Kristeva


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Kri·ste·va

 (krĭ-stā′və), Julia Born 1941.
Bulgarian-born French linguist, psychoanalyst, and writer who applies Freudian and feminist ideas to literature in works such as Language: The Unknown and Desire in Language, both published in 1969.
American Heritage® Dictionary of the English Language, Fifth Edition. Copyright © 2016 by Houghton Mifflin Harcourt Publishing Company. Published by Houghton Mifflin Harcourt Publishing Company. All rights reserved.

Kristeva

(krɪsˈteɪvə)
n
(Biography) Julia. born 1941, French semiotician, born in Bulgaria. Her works include La Révolution du langage poétique (1974), Histoires d'amour (1983), and the autobiographical novel Les Samourais (1990)
Collins English Dictionary – Complete and Unabridged, 12th Edition 2014 © HarperCollins Publishers 1991, 1994, 1998, 2000, 2003, 2006, 2007, 2009, 2011, 2014
References in periodicals archive ?
So though we might experience a renewed awareness of our own emotional range and emotional points of weakness-that wayward and violent passion that Kristeva talks about-we are also a re-acquainted with the world around us, in its extremity and in all its dumb materiality, as we venture forth to encounter the implacable unwieldiness of the city with our babies and bags and buggies and bottles in tow.
Kristeva says that it is obvious that childbirth involves mental and physical suffering, that motherhood implies self-denial in making oneself anonymous in order to transmit social norms.
Smith's poetic discourse will be read in the light of some basic notions/elements from Julia Kristeva's Desire in Language and Susanna Egan's Mirror Talk.
Kristeva's conception of Girard's mimetic theory is problematic in a postmodern context, considering the gender spectrum and the dissolution of the nuclear family.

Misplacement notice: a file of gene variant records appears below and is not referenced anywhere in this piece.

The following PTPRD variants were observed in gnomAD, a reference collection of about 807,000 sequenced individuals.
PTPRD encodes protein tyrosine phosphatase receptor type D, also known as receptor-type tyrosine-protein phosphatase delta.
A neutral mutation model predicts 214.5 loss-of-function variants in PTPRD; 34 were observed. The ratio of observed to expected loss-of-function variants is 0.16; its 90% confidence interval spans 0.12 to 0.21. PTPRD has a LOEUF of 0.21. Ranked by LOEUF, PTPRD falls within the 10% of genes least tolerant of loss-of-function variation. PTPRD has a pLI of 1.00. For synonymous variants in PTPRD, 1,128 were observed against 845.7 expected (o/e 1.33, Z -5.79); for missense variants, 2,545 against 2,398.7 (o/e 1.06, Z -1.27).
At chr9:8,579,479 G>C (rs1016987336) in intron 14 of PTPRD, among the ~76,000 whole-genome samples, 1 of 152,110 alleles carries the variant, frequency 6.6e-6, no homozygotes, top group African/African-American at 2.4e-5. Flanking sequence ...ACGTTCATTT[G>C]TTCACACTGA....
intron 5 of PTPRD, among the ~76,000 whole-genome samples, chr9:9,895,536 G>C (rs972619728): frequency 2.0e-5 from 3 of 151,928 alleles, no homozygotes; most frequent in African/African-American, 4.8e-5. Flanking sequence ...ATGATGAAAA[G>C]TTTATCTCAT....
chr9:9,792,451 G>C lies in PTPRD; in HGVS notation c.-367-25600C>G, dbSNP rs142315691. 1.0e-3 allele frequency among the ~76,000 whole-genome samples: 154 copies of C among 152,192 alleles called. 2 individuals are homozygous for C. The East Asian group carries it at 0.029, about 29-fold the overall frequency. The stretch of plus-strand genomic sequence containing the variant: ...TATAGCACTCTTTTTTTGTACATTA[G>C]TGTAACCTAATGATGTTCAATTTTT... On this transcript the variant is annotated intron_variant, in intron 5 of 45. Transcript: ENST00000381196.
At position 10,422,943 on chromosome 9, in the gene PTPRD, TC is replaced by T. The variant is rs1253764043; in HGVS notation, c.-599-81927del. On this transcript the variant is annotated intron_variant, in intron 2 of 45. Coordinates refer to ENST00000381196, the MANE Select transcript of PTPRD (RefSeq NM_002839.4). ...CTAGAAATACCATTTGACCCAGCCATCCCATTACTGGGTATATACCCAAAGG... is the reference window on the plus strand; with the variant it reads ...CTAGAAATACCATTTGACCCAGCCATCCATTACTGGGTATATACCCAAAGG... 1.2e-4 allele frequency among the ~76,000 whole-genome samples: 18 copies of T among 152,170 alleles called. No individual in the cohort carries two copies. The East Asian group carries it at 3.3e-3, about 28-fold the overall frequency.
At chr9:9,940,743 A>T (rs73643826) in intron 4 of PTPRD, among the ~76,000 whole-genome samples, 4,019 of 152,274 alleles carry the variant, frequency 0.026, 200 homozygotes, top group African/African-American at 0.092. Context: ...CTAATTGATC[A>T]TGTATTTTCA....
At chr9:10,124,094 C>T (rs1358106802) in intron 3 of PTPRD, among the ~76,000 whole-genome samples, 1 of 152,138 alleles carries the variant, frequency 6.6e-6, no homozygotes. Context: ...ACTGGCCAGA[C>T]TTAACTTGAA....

Offering a feminist historiography of Hebrew prose, the study merges ideas from literary dialogue, psychoanalytic feminist critical theory, and the ideas of feminist literary theorists Julia Kristeva and Judith Butler to explore the literary strategies that the women use to counter the male-dominated, patriarchal, Oedipal tradition of Hebrew literature.
While the poem's many disconnections have their idiosyncrasies that make them unique, they all can be integrated into a unifying concept using a theoretical framework derived from the work of psychoanalyst and literary theorist Julia Kristeva. While Kristevan concepts have been applied effectively to Warren's poetry in regard to his representation of maternal figures (Rivas 11), such an approach has yet to be applied to the ways in which Warren the poet explores identity and its creation.
While there are numerous "ways in" to analyzing Mama, the ideas of Julia Kristeva, specifically her comments on matricide and the symbolic order (6) are especially useful to our understanding of how Mama envelopes multiple characters in a drama of complex family and psychological dynamics, as well as the varying degrees of success the characters have in navigating traumatic experiences.
Traveling to Spain, Leclercq, Kristeva's probing alter ego, visits the sites and embodiments of the famous mystic and awakens to her own desire for faith, connection, and rebellion.